Types of Liens: Judgment, Statutory & Consensual

Instructor: Elizabeth Branum
There are three basic types of liens: consensual, statutory and judgment. In this lesson, we will provide descriptions and examples of each lien type.


A lien is a legal claim to someone else's property to assure the payment of a debt or the satisfaction of an obligation. There are three basic types of liens: consensual, statutory and judgment. A discussion of each type follows.

Consensual Liens

Consensual liens are those to which one voluntarily consents, usually because of a loan. The property purchased secures the buyer's obligation to pay for the property. One common example is the residential mortgage when a home buyer consents to a bank taking a security interest in the home with a mortgage. Likewise, a security interest also is created when a car dealer arranges for financing for a car buyer. There are two classes of consensual liens. These are purchase money security interest liens and non-purchase-money security interest liens.

In a purchase-money security interest lien, the creditor extends credit to the debtor specifically for the purchase of the property that secures the debt. Common examples of this type of lien are a car loan or a home mortgage.

With non-purchase-money security interest liens, the debtor pledges property he or she already owns as collateral for a loan. The loan proceeds may be used to pay expenses or to buy other property. Examples include a second mortgage on a home or a loan used to pay operating expenses with previously owned equipment used as collateral.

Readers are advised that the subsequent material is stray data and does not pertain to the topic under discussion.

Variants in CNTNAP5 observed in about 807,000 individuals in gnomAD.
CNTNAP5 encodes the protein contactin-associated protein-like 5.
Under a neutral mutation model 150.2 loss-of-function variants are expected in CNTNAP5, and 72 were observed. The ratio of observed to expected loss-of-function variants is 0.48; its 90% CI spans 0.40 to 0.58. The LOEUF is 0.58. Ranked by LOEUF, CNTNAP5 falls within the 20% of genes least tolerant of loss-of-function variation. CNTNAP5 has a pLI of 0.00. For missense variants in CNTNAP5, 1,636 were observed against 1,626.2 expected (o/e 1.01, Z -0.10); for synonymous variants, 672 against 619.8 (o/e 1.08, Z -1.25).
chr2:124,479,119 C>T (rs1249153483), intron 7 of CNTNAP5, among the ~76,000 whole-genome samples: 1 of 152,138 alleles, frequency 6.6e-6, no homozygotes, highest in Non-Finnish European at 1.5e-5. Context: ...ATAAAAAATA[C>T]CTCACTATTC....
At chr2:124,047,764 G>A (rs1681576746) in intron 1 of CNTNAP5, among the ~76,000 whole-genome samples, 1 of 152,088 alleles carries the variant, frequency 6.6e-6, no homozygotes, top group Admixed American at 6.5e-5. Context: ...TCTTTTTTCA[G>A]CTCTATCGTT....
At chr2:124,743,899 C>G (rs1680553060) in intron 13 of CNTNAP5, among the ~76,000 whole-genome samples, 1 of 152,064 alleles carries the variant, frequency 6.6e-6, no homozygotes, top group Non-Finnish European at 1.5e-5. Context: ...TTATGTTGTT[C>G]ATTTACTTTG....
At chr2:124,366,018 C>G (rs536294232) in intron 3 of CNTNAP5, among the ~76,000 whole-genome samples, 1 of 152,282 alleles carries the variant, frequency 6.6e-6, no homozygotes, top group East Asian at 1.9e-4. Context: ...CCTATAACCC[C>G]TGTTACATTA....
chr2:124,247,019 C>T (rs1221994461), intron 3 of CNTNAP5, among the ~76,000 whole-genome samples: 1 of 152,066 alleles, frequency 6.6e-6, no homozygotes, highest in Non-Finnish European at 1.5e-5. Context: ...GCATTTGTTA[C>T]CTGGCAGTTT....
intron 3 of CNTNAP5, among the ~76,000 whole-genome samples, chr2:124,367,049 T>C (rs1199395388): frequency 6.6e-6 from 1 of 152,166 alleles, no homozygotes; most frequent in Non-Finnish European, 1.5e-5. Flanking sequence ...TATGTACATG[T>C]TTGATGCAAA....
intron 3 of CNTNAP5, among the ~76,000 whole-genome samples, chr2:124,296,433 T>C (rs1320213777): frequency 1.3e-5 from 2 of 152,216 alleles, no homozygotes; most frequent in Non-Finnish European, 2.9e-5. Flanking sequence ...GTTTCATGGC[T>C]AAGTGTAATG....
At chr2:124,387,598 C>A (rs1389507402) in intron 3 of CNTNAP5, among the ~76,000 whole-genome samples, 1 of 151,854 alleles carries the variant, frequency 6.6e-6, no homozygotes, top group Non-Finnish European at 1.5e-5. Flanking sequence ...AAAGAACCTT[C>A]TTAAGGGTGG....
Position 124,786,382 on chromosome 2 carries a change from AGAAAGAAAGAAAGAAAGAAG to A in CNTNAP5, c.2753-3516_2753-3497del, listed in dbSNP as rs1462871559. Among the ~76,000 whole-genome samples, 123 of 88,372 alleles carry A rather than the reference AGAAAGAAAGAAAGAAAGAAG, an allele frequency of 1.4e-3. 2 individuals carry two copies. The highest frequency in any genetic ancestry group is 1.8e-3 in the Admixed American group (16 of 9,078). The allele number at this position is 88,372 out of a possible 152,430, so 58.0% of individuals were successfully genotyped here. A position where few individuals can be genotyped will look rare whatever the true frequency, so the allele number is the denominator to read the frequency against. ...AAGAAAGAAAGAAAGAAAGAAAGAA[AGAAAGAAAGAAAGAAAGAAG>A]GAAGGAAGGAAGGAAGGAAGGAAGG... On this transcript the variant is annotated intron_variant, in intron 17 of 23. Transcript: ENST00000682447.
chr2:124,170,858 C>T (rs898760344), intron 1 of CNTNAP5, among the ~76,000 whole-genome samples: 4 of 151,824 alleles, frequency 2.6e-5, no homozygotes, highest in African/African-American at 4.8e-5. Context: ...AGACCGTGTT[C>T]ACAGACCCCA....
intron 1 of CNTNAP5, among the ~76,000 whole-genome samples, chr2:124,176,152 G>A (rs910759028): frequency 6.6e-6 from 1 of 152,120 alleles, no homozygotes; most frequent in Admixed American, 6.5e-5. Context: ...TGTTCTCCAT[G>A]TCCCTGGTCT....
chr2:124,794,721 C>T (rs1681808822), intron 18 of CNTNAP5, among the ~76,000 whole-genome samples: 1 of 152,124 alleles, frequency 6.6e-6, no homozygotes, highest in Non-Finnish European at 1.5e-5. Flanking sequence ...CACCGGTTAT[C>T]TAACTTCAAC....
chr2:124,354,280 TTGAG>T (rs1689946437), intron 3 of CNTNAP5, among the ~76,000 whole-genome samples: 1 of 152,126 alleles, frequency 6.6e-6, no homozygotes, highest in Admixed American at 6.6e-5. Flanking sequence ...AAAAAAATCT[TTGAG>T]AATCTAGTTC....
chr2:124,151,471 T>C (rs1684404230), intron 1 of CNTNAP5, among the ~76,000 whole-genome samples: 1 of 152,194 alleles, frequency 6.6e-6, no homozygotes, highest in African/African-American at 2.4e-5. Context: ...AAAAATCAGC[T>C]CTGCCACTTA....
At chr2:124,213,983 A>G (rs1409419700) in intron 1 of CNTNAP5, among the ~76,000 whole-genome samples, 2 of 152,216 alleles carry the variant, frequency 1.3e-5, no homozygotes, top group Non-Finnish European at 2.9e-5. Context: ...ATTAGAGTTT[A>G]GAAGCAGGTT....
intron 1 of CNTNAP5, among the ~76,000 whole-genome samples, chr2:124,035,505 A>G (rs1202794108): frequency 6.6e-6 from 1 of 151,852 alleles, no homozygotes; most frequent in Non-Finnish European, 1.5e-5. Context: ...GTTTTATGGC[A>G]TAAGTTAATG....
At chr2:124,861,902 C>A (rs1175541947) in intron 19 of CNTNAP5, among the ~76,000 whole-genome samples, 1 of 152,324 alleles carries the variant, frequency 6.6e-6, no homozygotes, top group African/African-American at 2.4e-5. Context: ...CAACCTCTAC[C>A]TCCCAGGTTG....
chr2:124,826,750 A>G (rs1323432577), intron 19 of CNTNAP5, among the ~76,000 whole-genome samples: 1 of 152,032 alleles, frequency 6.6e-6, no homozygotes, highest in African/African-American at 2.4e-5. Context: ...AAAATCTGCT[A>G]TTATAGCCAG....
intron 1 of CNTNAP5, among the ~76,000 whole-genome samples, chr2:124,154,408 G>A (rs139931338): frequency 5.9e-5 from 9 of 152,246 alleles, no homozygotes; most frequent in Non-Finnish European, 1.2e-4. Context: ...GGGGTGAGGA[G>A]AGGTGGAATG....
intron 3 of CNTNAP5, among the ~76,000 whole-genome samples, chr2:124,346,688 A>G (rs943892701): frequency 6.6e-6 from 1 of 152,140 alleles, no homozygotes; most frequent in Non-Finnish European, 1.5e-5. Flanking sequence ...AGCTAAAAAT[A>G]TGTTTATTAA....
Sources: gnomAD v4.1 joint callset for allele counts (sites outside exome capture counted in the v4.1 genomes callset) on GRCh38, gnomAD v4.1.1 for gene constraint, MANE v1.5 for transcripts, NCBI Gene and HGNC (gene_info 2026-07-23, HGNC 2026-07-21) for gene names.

Both types of consensual liens are usually non-possessory, meaning the creditor does not take possession of the property. However, it's possible for either the purchase-money security interest or the non-purchase-money security interest lien to be possessory. This is demonstrated in the case of a loan from a pawnbroker which creates a possessory, non-purchase-money security interest lien in the collateral.

Statutory Liens

Statutory liens come about due to a statute. The creditors can obtain a security interest in property because there is a law that allows for it. Examples of statutory liens include mechanic's, artisan's, warehouseman's, and tax liens.

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